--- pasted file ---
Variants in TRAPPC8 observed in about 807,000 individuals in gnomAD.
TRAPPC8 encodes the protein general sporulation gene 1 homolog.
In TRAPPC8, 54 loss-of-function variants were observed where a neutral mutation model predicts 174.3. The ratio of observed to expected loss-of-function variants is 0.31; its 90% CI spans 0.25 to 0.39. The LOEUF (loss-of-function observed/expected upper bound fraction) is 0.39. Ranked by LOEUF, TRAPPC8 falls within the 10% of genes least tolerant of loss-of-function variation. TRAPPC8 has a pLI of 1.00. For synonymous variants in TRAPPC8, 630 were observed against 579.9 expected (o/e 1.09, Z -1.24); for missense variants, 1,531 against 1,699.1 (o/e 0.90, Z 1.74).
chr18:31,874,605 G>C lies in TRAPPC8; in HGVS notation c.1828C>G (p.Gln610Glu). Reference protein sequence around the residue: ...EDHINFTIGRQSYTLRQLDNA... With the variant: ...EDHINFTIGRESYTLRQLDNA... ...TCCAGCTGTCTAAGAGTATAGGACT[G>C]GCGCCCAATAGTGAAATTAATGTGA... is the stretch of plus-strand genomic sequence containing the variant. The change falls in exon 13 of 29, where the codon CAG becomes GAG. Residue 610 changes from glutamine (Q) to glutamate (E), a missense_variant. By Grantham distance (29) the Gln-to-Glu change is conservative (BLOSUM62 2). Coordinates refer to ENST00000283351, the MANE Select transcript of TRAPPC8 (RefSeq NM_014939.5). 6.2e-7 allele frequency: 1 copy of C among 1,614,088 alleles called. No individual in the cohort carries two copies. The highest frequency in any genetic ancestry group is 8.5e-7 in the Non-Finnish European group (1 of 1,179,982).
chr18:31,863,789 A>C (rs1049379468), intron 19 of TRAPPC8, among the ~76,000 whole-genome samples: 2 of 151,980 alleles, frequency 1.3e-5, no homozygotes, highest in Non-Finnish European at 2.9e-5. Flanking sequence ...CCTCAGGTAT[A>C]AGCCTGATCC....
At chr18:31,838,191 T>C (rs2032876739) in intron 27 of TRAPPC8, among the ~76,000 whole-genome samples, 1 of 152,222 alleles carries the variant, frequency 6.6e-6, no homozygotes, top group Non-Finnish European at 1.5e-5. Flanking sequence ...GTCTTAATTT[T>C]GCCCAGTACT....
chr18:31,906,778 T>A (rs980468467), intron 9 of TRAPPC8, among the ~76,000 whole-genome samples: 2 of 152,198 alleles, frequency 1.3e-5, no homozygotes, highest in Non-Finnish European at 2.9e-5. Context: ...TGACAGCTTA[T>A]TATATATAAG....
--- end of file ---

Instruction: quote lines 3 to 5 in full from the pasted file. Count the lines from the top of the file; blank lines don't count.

In TRAPPC8, 54 loss-of-function variants were observed where a neutral mutation model predicts 174.3. The ratio of observed to expected loss-of-function variants is 0.31; its 90% CI spans 0.25 to 0.39. The LOEUF (loss-of-function observed/expected upper bound fraction) is 0.39. Ranked by LOEUF, TRAPPC8 falls within the 10% of genes least tolerant of loss-of-function variation. TRAPPC8 has a pLI of 1.00. For synonymous variants in TRAPPC8, 630 were observed against 579.9 expected (o/e 1.09, Z -1.24); for missense variants, 1,531 against 1,699.1 (o/e 0.90, Z 1.74).
chr18:31,874,605 G>C lies in TRAPPC8; in HGVS notation c.1828C>G (p.Gln610Glu). Reference protein sequence around the residue: ...EDHINFTIGRQSYTLRQLDNA... With the variant: ...EDHINFTIGRESYTLRQLDNA... ...TCCAGCTGTCTAAGAGTATAGGACT[G>C]GCGCCCAATAGTGAAATTAATGTGA... is the stretch of plus-strand genomic sequence containing the variant. The change falls in exon 13 of 29, where the codon CAG becomes GAG. Residue 610 changes from glutamine (Q) to glutamate (E), a missense_variant. By Grantham distance (29) the Gln-to-Glu change is conservative (BLOSUM62 2). Coordinates refer to ENST00000283351, the MANE Select transcript of TRAPPC8 (RefSeq NM_014939.5). 6.2e-7 allele frequency: 1 copy of C among 1,614,088 alleles called. No individual in the cohort carries two copies. The highest frequency in any genetic ancestry group is 8.5e-7 in the Non-Finnish European group (1 of 1,179,982).
chr18:31,863,789 A>C (rs1049379468), intron 19 of TRAPPC8, among the ~76,000 whole-genome samples: 2 of 151,980 alleles, frequency 1.3e-5, no homozygotes, highest in Non-Finnish European at 2.9e-5. Flanking sequence ...CCTCAGGTAT[A>C]AGCCTGATCC....